[Undated letter, probably 1939]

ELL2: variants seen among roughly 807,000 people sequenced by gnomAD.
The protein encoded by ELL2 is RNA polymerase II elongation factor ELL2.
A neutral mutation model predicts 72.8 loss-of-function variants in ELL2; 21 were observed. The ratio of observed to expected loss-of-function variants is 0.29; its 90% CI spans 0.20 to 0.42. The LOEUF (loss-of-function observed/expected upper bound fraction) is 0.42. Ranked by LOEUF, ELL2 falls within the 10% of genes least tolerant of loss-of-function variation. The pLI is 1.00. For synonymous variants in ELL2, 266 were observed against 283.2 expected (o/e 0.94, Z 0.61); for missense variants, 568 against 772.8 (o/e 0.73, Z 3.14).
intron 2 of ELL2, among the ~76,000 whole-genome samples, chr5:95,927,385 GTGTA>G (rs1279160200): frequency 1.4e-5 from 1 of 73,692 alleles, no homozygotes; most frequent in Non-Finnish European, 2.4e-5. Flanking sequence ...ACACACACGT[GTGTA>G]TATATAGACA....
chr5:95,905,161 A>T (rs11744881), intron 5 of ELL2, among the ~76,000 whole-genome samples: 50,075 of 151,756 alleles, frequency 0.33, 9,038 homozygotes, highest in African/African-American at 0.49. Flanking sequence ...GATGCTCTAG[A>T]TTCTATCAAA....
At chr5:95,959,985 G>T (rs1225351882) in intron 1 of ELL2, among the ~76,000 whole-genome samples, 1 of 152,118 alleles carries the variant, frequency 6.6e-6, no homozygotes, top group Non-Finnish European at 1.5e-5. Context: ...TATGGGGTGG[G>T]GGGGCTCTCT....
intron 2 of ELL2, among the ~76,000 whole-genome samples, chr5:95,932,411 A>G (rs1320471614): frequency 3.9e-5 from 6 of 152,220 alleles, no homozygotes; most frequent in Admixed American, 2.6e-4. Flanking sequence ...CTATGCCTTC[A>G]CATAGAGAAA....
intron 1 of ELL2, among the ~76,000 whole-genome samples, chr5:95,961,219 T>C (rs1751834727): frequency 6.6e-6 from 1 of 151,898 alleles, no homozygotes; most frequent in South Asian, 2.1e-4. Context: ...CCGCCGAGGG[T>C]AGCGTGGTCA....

Nothing distresses me more than the complete fiasco of universal education which, it turns out, seems to make everyone at once more cynical and more gullible. I have always been an enemy of mere literacy; reading is an aid to the specialist but no more. The spoken word is much nobler and nearer the mind; cerebration and especially memory have suffered general atrophy because of the printed word. What puts me in this morbid theme is the recent hearing of some college students attempting to read simple English prose. Would you believe it, the spoken and written word had become so completely divorced in their minds that every few lines they would make the drollest mistakes of simple pronunciation, whence it appeared only too plainly that what they had been reading all along they comprehended only in the most vague and general way, and where the meaning of a whole document depended on a particular word, as it not infrequently does, even those general impressions were quite laughable – the sort of thing that results from getting one word wrong in an Arabic story. To put it frankly, ya habibi, I am worried.